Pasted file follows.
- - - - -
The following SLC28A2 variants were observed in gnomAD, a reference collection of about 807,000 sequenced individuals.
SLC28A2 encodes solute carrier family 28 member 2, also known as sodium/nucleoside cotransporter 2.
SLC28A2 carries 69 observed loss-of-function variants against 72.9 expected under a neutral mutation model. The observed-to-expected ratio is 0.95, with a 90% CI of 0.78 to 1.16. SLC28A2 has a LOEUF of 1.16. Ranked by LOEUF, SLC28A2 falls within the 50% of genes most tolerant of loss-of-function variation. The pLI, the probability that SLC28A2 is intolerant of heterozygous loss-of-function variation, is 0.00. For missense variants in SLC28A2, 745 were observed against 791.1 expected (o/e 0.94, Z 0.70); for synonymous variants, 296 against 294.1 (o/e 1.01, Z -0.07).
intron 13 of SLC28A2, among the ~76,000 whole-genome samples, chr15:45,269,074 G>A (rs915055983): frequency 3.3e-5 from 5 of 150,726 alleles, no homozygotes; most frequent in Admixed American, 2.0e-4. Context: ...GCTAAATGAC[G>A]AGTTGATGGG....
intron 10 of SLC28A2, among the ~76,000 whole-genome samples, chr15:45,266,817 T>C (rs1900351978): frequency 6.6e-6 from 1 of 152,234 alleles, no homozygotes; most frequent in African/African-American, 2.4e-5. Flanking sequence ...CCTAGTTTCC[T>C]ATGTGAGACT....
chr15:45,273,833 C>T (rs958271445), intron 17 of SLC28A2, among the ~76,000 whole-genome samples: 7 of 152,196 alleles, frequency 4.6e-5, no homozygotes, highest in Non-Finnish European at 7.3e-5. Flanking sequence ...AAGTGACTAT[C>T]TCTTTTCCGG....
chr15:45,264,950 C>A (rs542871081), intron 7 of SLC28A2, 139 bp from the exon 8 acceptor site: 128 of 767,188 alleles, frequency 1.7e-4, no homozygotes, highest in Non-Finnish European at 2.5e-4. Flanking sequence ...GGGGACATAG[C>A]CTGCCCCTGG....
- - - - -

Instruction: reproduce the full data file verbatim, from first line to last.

The following SLC28A2 variants were observed in gnomAD, a reference collection of about 807,000 sequenced individuals.
SLC28A2 encodes solute carrier family 28 member 2, also known as sodium/nucleoside cotransporter 2.
SLC28A2 carries 69 observed loss-of-function variants against 72.9 expected under a neutral mutation model. The observed-to-expected ratio is 0.95, with a 90% CI of 0.78 to 1.16. SLC28A2 has a LOEUF of 1.16. Ranked by LOEUF, SLC28A2 falls within the 50% of genes most tolerant of loss-of-function variation. The pLI, the probability that SLC28A2 is intolerant of heterozygous loss-of-function variation, is 0.00. For missense variants in SLC28A2, 745 were observed against 791.1 expected (o/e 0.94, Z 0.70); for synonymous variants, 296 against 294.1 (o/e 1.01, Z -0.07).
intron 13 of SLC28A2, among the ~76,000 whole-genome samples, chr15:45,269,074 G>A (rs915055983): frequency 3.3e-5 from 5 of 150,726 alleles, no homozygotes; most frequent in Admixed American, 2.0e-4. Context: ...GCTAAATGAC[G>A]AGTTGATGGG....
intron 10 of SLC28A2, among the ~76,000 whole-genome samples, chr15:45,266,817 T>C (rs1900351978): frequency 6.6e-6 from 1 of 152,234 alleles, no homozygotes; most frequent in African/African-American, 2.4e-5. Flanking sequence ...CCTAGTTTCC[T>C]ATGTGAGACT....
chr15:45,273,833 C>T (rs958271445), intron 17 of SLC28A2, among the ~76,000 whole-genome samples: 7 of 152,196 alleles, frequency 4.6e-5, no homozygotes, highest in Non-Finnish European at 7.3e-5. Flanking sequence ...AAGTGACTAT[C>T]TCTTTTCCGG....
chr15:45,264,950 C>A (rs542871081), intron 7 of SLC28A2, 139 bp from the exon 8 acceptor site: 128 of 767,188 alleles, frequency 1.7e-4, no homozygotes, highest in Non-Finnish European at 2.5e-4. Flanking sequence ...GGGGACATAG[C>A]CTGCCCCTGG....